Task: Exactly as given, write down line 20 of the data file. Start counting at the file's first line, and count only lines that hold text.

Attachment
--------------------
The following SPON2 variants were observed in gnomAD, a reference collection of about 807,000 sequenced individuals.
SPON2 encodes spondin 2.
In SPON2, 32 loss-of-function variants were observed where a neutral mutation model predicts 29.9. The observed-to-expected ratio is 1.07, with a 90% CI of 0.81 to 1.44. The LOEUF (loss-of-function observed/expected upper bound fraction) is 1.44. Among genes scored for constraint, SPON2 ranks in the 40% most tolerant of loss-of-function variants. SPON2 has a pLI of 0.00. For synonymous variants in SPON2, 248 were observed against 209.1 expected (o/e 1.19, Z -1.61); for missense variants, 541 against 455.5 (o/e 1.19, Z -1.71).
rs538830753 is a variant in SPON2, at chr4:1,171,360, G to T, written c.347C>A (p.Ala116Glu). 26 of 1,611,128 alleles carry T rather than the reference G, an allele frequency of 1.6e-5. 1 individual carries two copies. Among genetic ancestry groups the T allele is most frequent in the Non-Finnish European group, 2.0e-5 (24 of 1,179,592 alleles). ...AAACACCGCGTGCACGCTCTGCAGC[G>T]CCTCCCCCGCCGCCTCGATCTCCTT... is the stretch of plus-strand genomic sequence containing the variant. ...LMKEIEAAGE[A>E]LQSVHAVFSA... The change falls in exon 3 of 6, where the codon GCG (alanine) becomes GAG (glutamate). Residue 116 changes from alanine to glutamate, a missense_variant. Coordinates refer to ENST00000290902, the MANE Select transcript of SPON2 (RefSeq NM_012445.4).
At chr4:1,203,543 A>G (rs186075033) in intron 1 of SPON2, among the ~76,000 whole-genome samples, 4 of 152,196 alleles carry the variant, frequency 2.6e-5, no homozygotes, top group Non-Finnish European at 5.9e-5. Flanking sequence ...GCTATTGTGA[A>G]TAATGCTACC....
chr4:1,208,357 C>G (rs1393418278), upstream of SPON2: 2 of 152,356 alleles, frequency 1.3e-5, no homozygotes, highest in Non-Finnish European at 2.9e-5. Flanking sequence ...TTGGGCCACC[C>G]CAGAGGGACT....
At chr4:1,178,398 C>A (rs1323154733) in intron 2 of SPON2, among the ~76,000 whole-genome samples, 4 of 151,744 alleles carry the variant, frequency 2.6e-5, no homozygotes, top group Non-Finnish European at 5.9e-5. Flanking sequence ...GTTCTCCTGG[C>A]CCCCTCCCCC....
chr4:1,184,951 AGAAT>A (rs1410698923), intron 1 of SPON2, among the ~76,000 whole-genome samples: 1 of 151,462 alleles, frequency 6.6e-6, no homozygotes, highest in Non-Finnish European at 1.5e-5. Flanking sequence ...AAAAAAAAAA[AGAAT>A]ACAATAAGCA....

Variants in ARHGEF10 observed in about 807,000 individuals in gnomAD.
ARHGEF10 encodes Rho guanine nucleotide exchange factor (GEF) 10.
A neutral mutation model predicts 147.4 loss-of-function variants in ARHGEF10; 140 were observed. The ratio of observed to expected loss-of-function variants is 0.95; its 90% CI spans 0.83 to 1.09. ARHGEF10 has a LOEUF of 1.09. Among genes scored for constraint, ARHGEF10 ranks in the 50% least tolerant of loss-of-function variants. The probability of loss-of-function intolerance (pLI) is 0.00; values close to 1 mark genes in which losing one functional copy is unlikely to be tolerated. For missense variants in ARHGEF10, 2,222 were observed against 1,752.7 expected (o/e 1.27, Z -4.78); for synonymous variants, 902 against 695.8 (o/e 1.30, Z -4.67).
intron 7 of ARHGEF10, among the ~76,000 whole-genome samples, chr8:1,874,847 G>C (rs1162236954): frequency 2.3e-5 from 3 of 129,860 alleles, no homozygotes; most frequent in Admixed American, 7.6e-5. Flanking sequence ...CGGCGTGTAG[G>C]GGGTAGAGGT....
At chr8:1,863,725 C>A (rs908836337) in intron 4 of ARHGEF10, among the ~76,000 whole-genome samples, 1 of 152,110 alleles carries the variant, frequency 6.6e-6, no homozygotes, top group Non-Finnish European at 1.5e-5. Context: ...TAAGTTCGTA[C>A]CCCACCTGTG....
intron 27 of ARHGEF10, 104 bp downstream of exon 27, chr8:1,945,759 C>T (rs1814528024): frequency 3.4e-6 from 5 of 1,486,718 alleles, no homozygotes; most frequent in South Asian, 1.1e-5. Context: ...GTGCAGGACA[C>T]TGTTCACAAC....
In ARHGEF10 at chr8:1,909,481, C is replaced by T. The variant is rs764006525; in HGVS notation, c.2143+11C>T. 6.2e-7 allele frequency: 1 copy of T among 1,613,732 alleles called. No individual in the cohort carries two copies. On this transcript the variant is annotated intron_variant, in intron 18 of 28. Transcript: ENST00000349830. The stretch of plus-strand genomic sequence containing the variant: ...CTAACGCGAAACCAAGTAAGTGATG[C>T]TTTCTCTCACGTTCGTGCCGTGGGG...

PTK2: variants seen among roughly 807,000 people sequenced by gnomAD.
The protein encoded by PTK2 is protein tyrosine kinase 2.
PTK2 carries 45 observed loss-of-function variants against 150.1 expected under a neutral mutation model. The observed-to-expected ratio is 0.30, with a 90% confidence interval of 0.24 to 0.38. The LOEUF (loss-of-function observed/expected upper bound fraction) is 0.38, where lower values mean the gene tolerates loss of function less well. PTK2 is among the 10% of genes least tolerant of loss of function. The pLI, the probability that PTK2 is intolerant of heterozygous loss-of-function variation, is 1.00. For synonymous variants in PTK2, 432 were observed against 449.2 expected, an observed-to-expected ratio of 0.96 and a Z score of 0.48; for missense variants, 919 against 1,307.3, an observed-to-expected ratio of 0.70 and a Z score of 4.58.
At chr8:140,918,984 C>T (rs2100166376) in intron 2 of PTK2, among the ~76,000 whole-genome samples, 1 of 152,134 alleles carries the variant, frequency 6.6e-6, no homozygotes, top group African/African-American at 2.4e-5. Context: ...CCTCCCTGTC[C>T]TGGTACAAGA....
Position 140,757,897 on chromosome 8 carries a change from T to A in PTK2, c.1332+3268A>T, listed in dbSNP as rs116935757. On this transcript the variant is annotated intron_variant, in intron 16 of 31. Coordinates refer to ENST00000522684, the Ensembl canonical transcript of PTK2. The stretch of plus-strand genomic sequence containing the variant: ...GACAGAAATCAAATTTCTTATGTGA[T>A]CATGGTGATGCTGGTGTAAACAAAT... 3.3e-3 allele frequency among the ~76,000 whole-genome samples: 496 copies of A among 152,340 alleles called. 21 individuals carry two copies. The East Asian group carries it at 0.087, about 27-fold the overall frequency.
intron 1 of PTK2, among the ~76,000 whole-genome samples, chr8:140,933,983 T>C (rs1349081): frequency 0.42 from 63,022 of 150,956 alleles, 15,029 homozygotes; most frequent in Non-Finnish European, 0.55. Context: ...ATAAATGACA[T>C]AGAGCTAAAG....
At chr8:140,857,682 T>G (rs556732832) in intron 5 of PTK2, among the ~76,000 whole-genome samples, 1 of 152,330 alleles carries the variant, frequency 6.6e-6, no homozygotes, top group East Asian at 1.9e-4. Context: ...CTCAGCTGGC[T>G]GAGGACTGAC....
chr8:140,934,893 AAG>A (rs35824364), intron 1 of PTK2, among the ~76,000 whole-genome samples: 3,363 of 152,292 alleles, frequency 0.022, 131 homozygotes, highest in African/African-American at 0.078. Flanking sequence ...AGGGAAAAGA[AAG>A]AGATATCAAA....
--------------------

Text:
Position 140,757,897 on chromosome 8 carries a change from T to A in PTK2, c.1332+3268A>T, listed in dbSNP as rs116935757. On this transcript the variant is annotated intron_variant, in intron 16 of 31. Coordinates refer to ENST00000522684, the Ensembl canonical transcript of PTK2. The stretch of plus-strand genomic sequence containing the variant: ...GACAGAAATCAAATTTCTTATGTGA[T>A]CATGGTGATGCTGGTGTAAACAAAT... 3.3e-3 allele frequency among the ~76,000 whole-genome samples: 496 copies of A among 152,340 alleles called. 21 individuals carry two copies. The East Asian group carries it at 0.087, about 27-fold the overall frequency.